Poland does not need another pipeline for Russian gas. The government has already signed long-term agreements with Russia in 2010, valid until 2022 for gas supply to Poland itself, and until 2019 for gas transit through the Yamal-Europe One pipeline via Poland to Germany (with prolongation options for both the supply and the transit agreements). Supplies from Russia and internal production fully cover Poland’s annual demand, which peaked at almost 16 bcm in 2012. Polish imports from Russia were stable at 10 billion cubic meters (bcm) per year in 2011 and 2012, according to Gazprom. Meanwhile, Poland extracts some 4.5 bcm annually from its own natural gas fields; is exploring its promising shale gas deposits in partnerships with Western companies; and is building the Swinoujscie liquefied natural gas (LNG) terminal on the Baltic coast (PAP, April 5, 8; Gazprom press release, April 8).
Poland is already an important transit country for Russian gas to Germany through the Yamal-Europe One pipeline. Owned by the Polish-Russian joint company EuroPolGaz (see below), this line with a capacity of 33 bcm per year is fully dedicated to supplying Poland and Germany. Additionally, Poland and Slovakia are building a bilateral, bi-directional interconnector pipeline with a capacity of 10 bcm per year, as part of a north-south European corridor planned and partially financed by the European Union. In sum, Poland’s economy hardly requires another Russian gas pipeline.
On April 5, Deputy Prime Minister and Economics Minister Janusz Piechocinski visited with Gazprom CEO Aleksei Miller in St. Petersburg to find out about the proposal’s specifics. According to Gazprom’s press release (April 5), Miller emphasized the revenue that Poland could earn from the transit of Russian gas diverted from Ukraine into Polish territory. Piechocinski opined that Poland should carefully abstain from becoming involved in this Russian-Ukrainian dispute, and instead express interest in the Russian project “as we would earn money on the transit.” He understood from Miller that this project could be completed by 2017–2018 (Polish Radio, PAP, April 5).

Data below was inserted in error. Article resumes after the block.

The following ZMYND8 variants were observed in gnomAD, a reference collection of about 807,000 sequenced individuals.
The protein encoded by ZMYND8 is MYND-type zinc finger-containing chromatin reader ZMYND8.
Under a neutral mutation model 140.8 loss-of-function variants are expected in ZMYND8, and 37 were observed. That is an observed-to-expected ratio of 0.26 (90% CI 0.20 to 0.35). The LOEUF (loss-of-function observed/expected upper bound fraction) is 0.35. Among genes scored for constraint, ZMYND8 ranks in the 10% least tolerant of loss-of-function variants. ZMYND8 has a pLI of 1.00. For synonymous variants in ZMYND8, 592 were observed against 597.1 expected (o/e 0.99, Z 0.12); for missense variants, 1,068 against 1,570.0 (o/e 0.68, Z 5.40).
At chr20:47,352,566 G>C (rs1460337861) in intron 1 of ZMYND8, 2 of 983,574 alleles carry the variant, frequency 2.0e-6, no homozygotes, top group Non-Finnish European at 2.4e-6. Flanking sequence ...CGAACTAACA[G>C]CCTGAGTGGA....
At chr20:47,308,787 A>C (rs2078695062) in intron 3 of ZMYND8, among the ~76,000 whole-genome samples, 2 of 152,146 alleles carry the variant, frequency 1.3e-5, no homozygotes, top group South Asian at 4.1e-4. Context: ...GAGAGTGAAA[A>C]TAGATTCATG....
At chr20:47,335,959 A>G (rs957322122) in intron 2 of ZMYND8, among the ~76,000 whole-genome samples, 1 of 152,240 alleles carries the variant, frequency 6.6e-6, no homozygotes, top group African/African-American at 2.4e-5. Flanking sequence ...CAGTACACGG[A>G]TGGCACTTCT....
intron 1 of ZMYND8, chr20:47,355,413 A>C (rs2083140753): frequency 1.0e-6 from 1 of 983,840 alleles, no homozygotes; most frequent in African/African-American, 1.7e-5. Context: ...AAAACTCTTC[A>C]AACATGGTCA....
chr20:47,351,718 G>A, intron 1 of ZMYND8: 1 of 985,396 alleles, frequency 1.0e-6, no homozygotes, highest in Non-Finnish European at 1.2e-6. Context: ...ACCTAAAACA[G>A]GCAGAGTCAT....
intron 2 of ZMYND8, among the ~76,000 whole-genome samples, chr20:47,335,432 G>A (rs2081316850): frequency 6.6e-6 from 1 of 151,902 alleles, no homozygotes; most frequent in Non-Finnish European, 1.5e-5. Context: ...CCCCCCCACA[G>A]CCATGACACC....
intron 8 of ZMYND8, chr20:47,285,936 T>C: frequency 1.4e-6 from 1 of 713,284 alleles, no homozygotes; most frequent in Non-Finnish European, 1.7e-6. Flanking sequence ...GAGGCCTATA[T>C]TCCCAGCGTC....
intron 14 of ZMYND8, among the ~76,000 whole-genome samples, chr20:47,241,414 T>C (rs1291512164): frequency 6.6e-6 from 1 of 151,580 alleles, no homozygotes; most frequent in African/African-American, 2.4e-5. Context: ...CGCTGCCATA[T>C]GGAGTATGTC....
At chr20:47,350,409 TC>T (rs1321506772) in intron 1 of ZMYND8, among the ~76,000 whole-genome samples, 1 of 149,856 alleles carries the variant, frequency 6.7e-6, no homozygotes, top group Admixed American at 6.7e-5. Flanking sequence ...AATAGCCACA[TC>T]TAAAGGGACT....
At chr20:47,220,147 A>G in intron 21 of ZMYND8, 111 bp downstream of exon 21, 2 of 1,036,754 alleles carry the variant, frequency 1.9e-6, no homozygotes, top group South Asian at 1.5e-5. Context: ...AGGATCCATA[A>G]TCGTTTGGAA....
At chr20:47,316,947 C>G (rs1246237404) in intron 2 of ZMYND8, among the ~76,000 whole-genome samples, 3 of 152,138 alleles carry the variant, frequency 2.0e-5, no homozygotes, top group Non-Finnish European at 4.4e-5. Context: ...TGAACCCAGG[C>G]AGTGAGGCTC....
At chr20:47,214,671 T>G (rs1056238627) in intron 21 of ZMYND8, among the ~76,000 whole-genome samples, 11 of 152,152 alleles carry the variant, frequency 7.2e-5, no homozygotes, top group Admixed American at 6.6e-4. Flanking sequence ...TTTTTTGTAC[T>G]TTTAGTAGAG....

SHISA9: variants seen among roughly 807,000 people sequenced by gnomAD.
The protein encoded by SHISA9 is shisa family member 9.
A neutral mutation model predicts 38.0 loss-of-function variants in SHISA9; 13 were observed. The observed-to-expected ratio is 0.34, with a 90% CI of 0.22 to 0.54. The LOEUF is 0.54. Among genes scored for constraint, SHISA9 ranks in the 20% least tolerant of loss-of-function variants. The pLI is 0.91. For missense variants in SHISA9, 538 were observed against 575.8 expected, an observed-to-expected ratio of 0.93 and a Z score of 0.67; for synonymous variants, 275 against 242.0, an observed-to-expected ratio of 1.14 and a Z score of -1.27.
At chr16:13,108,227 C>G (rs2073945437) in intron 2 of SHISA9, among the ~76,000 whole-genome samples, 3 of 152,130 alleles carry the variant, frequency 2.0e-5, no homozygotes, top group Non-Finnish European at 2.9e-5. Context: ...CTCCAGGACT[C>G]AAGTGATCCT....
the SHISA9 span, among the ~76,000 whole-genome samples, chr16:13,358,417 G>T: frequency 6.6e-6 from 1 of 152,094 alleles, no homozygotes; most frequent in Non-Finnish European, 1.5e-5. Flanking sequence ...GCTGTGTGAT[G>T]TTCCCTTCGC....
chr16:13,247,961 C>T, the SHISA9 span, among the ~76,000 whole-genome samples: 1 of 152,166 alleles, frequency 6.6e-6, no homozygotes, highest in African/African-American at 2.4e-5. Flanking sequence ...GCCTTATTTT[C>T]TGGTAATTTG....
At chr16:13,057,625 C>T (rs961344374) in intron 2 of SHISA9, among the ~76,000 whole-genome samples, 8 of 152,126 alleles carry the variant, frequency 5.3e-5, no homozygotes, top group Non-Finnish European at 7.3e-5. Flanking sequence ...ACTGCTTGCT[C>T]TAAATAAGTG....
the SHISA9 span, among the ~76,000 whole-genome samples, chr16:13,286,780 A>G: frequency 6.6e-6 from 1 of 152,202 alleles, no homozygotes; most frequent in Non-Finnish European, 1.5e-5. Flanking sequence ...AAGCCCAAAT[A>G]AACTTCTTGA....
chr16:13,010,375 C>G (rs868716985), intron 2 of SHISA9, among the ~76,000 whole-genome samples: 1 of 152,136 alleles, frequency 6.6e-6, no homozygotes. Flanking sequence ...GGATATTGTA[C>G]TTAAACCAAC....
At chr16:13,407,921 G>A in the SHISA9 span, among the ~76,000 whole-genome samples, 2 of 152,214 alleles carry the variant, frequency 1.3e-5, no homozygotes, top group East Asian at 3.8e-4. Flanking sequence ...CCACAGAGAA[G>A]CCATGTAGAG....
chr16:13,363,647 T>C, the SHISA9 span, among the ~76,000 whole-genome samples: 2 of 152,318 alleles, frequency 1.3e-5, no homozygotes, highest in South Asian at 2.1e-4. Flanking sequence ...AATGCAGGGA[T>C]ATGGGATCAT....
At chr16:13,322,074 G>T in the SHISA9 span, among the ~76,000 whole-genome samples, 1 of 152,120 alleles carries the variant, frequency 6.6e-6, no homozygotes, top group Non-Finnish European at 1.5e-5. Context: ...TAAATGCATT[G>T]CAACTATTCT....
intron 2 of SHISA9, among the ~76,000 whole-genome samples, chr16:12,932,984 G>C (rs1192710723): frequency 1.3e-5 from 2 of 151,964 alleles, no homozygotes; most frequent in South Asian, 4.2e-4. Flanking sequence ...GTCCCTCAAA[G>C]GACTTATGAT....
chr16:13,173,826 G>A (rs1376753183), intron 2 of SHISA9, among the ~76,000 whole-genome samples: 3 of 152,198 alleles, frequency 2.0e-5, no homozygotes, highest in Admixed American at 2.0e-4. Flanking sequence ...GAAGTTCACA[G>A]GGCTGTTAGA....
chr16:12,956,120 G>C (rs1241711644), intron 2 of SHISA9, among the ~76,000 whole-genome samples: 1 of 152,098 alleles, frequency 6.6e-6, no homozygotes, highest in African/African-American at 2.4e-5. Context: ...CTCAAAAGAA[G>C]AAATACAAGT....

On April 5, EuroPolGaz CEO Miroslaw Dobrut signed with Miller in St. Petersburg a memorandum of understanding (MOU) to prepare a project feasibility study and deliver it within six months. The Yamal-Europe Two project would involve a pipeline with at least 15 bcm in annual capacity, to be built by 2018–2019 (and, presumably, owned and operated) as a Russian-Polish joint venture in Poland (Gazprom press release, April 8). In a televised statement, Miller expressed his assumption that Poland would ensure reliable transit of Russian gas to other Central European countries—i.e., circumventing Ukraine (Rossiya TV, April 5). The Russian government-owned ITAR-TASS news agency headlined (April 7) that Poland was going to replace Ukraine as a transit country for Russian gas. It was all orchestrated to increase the Ukrainian government’s nervousness.